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It was a se­ries known for its mem­o­rably in­ven­tive boss fights, but the lat­est in­stal­ment is where every­thing fell apart… Martin Kitts Pub­lisher Kon­ami / De­vel­oper Kon­ami / for­mat xbox one / 360 / re­lease date Sept 2015

Done right, boss fights can be em­phatic punc­tu­a­tion, di­vid­ing and de­lin­eat­ing a game’s var­i­ous chap­ters, and no game is bet­ter known for its bosses than the Me­tal

Gear se­ries. The mad roller­skat­ing bomber Fat Man, the ghostly en­counter with your fallen foes con­jured by The Sor­row, the poignant bat­tle with your beloved men­tor in a field of white flow­ers… MGS has had more than its fair share of clas­sic bosses.

Done badly, boss fights can be ru­inous dif­fi­culty spikes. There’s no more de­mor­al­is­ing feel­ing in gam­ing than strug­gling for ages to wear down a boss, only to have him call on some mag­i­cal heal­ing power.

Un­for­tu­nately Me­tal Gear Solid V is rid­dled with this sort of thing, and it doesn’t help that most of the bosses are just dif­fer­ent con­fig­u­ra­tions of the same en­emy, the Skulls Unit. They’re pretty scary the first time around, ad­vanc­ing slowly like re­lent­less, bul­let­dodg­ing zom­bies. Nat­u­rally, I ran away when I found I couldn’t hit them.

Soon enough they’re back, and there’s no avoid­ing the sec­ond en­counter. At least you get a mis­sile launcher this time, but still I must have died half a dozen times be­fore I fi­nally beat them. Wouldn’t want to meet those guys again…

So, on with the rest of the game, which is great un­til the Skulls show up yet again, this time with bet­ter ar­mour. And again, and again. Five times in all, only one of which is re­ally dif­fer­ent enough to be con­sid­ered a truly sep­a­rate boss.

Even the two bosses that aren’t Skulls are sub­stan­dard. There’s the Man on Fire, who roars a lot, sets every­thing alight and ab­sorbs bul­lets. He’s hor­ri­ble to fight, guarded by a weird float­ing child who you can’t hurt at all and is seem­ingly there only for aes­thetic ef­fect: look, a creepy float­ing child ver­sion of Psy­cho Man­tis; but, damn, this means a re­ally an­noy­ing boss fight.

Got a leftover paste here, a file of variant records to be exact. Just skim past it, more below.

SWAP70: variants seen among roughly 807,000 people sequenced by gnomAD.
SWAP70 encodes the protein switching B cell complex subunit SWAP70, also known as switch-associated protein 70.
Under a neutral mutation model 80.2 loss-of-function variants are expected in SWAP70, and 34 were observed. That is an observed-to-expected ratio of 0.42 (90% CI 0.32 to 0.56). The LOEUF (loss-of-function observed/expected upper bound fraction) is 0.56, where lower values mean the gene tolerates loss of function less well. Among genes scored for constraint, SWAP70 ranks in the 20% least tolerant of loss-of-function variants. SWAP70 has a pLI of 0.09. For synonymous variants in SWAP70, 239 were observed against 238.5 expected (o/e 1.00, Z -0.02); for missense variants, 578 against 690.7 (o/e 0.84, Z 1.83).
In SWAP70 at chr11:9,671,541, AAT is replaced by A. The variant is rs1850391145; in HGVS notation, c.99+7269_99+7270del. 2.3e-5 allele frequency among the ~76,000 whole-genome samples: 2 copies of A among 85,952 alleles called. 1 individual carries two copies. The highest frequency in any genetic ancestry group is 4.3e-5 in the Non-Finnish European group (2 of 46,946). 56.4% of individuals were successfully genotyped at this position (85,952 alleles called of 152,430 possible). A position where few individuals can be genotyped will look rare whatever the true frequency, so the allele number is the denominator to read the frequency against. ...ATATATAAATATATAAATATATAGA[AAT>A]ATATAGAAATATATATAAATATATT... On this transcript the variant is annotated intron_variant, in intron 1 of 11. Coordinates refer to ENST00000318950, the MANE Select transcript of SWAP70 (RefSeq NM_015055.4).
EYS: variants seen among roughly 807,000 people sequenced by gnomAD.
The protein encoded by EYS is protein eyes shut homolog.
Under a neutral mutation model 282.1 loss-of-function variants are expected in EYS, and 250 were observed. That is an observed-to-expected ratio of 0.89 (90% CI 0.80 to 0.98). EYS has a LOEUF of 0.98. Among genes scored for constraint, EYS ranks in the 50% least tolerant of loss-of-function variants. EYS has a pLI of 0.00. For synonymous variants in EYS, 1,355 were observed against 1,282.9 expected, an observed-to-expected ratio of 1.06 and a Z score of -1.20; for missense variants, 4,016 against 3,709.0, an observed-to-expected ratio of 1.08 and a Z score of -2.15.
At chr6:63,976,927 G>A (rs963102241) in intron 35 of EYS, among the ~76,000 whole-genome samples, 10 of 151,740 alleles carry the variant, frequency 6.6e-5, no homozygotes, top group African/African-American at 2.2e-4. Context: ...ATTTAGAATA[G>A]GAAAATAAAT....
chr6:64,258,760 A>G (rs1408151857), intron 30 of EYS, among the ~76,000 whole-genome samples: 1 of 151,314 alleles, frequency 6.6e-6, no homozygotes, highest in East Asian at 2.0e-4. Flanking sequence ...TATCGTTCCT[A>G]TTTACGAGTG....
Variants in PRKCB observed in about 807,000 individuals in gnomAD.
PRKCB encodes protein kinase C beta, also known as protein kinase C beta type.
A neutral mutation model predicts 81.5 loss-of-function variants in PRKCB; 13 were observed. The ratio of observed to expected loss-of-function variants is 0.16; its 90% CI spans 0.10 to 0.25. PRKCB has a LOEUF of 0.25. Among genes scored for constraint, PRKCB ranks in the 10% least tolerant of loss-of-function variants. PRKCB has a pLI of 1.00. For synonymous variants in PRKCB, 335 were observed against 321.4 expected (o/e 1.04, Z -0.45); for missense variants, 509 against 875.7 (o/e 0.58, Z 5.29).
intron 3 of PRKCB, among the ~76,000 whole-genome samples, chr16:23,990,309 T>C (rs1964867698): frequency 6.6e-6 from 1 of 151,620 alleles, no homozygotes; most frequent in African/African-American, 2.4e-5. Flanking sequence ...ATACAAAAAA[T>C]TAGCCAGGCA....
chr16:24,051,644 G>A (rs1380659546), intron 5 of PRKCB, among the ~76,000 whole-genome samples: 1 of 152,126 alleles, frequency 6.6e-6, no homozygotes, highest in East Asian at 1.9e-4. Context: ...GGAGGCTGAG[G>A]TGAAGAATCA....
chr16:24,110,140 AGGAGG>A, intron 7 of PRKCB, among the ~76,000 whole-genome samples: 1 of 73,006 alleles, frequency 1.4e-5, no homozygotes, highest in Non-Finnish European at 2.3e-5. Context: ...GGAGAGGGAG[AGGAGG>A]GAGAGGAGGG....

I’m not quite sure how I got past that one. I think maybe I man­aged to get him wet and his fire went out long enough for a chop­per to air­lift me to safety. Ei­ther that or he spent too long chas­ing me around and his float­ing friend had to go. Not know­ing for cer­tain how you ‘won’ is not the mark of a great boss bat­tle, and nei­ther is a feel­ing of re­lief that it’s all over and you’ll never have to play it again. It wasn’t al­ways this way. For ex­am­ple, take Me­tal Gear Solid 3’ s rightly fa­mous show­down with sharp­shoot­ing cen­te­nar­ian The End, a high­light of the se­ries. If you ap­proach the fight head-on it’s a typ­i­cally gru­elling af­fair, as you’ll get shot if you stick your head up for more than a few sec­onds while look­ing for him. Even MGS V can do that.

By­pass op­er­a­tion

But the real bril­liance of this en­counter, and the main rea­son it’s held in such high re­gard, is that it has hid­den ways of al­low­ing you to by­pass the fight. If your sneak­ing skills are high you can creep up on him while he’s asleep. If frus­tra­tion gets the bet­ter of you and you aban­don your game for a while, you’ll find he has died of old age while wait­ing for you to pop your head back up. Al­ter­na­tively, in an ear­lier scene you can catch a glimpse of the old chap re­lax­ing un­aware in a wheel­chair. Whip out a sniper ri­fle and that’s it. The End.

MGS V re­hashes this en­counter to a cer­tain ex­tent in the fourth meet­ing with the Skulls, the cy­borg bikini sniper squad ver­sion, but only the worst parts. It’s just a whole lot of crawl­ing around in the mist, belly-wrig­gling slowly to­wards a marker on your HUD un­til you can land a sin­gle shot on one of them, at which point they all tele­port to new lo­ca­tions and you start again.

Then there’s the gi­ant ro­bot Sa­he­lan­thro­pus. There’s noth­ing re­motely clever about this fi­nal boss en­counter, it’s just you and a lim­ited amount of ammo ver­sus a near­in­vul­ner­a­ble, rocket-spew­ing bul­let sponge. Shoot him a bit, run away while he pum­mels the area with mis­siles, re­peat un­til you’re re­duced to ping­ing darts at his me­tal arse while scour­ing the bar­ren en­vi­ron­ment for any­thing that might chip an­other pre­cious pixel off his health bar.

It’s ar­du­ous. It’s no fun what­so­ever. Hav­ing spent around 85 hours en­joy­ing most of the rest of the game, I ac­tu­ally gave up at this point. Re­turn­ing a cou­ple of weeks later (sadly his bat­ter­ies hadn’t run down while I was away) I even­tu­ally man­aged to take him out, but it’s not an ex­pe­ri­ence I’d rel­ish re­peat­ing. It’s not the way the Me­tal

Gear se­ries de­serves to go out.

“Hav­ing spent around 85 hours en­joy­ing most of the rest of the game, I gave up at this point”

right Boo hiss, that bunch of ab­so­lute bar ste­wards!

ABOVE Skulls Unit van­ish­ing snipers: not as good as The End.

Be­low Sa­he­lan­thro­pus: not as good as Me­tal Gears Rex or Ray.

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